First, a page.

As for renewable energy, that technology is not only practical but is rapidly becoming very inexpensive due to manufacturing research in China.

      Note though that while batteries are not improving very much, there is lots of research on other ways to store energy that look very very probable and practical.

      The BIGGEST problem we have to figure out is portable energy for random transportation (cars, trucks and aircraft that follow random patterns). Train technology is well developed because trains follow a known path and can be powered with well developed technology.

  8. They will most likely retaliate against the American ppl and hurt our pockets and out a financial strain on the average American. Making it harder for us to pay our bills. Oil embargo would be the most powerfull hit that can hurt us. As far as their assets they will just be bought up with the next country that owns us, china. Maybe its time we buy back our country and nvr sell it off again with foreign investers taking our prifits before us citizens. We should embargo all foreign investments.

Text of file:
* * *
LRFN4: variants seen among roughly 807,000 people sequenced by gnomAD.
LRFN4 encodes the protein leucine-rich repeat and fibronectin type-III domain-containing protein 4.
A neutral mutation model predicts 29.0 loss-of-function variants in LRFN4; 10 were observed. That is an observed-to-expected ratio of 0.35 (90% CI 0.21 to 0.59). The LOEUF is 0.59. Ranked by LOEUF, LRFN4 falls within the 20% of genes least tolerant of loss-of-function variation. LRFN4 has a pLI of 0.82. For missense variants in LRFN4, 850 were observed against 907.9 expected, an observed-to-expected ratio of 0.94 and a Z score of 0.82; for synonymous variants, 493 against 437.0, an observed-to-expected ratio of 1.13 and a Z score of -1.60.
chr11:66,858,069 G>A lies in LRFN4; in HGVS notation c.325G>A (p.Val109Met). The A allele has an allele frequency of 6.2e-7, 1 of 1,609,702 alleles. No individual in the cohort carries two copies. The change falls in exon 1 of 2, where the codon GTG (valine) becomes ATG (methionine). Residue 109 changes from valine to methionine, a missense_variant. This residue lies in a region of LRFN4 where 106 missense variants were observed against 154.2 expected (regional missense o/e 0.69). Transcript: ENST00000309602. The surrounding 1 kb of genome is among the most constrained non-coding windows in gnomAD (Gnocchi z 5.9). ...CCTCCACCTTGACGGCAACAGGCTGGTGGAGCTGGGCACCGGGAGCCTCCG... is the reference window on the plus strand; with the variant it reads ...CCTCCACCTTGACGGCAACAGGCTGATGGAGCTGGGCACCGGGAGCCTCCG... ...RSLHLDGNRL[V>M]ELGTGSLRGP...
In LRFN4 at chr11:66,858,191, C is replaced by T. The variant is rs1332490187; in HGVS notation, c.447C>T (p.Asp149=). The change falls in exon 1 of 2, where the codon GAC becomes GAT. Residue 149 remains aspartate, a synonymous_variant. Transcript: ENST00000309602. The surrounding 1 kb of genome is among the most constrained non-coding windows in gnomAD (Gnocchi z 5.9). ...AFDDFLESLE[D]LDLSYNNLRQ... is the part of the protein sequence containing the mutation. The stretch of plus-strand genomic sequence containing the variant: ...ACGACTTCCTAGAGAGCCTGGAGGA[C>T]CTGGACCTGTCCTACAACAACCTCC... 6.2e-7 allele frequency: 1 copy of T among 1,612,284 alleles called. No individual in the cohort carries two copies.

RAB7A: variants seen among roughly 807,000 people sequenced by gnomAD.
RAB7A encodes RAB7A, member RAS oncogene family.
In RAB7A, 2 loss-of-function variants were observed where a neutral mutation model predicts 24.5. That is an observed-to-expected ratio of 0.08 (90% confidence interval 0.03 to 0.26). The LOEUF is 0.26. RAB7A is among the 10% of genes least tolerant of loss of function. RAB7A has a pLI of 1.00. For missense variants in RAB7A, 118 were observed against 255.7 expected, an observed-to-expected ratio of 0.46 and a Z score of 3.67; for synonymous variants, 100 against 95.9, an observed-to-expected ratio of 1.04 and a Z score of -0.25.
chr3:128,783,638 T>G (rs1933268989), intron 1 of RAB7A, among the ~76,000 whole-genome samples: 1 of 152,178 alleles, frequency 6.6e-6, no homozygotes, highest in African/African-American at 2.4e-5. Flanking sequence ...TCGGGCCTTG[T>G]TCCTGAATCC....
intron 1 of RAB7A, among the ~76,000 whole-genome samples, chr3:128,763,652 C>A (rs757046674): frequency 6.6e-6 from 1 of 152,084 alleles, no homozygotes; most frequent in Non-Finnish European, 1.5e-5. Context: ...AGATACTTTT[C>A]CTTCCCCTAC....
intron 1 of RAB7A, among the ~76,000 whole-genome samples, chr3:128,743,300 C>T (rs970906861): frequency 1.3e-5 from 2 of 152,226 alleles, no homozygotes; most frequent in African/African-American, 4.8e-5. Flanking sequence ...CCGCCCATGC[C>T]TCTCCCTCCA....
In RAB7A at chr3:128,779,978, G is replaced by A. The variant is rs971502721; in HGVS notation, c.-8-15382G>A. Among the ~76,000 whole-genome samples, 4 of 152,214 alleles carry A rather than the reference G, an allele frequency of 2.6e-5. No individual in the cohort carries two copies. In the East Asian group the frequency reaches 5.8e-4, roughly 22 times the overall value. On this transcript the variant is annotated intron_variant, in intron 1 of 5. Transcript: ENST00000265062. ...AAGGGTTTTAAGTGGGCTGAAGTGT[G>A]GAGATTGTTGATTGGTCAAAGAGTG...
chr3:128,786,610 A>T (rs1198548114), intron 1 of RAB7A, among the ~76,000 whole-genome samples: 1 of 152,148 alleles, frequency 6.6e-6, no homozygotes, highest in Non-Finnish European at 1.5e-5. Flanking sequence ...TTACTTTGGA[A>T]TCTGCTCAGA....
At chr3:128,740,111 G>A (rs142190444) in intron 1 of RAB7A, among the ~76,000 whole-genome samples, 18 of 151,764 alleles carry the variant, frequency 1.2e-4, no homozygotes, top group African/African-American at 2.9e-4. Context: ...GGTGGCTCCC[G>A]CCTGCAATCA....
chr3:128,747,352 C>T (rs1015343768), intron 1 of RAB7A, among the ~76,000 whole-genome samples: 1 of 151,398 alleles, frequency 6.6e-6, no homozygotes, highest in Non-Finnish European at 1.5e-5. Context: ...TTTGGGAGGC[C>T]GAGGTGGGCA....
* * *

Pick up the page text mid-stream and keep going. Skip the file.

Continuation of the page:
• It is impossible for Saudi Arabia to create a global oil embargo.

      The usage rate for oil is DECLINING due to energy conservation technology and the switch to non-oil energy.

      At the same time that oil usage is declining, the global supply of oil is very very high.

      If Saudi Arabia were to shut down their production, Iran , Venezuela, and all the other oil producers would simply ship more at a slightly higher price.

      There would be no huge oil price spike and Iran would be overjoyed at the additional revenue.

      Saudi Arabia no longer has any power.

      They have squandered their wealth and power supporting radical religious nuts and so-called “terrorists.”

  9. Didn’t the victims of 9/11 receive a settlement from the US government? It seems to me that future retributions should be handled between the governments should a crime be confirmed. i.e. Isn’t it reasonable that any debt owed has shifted to the US taxpayer rather than to the victims?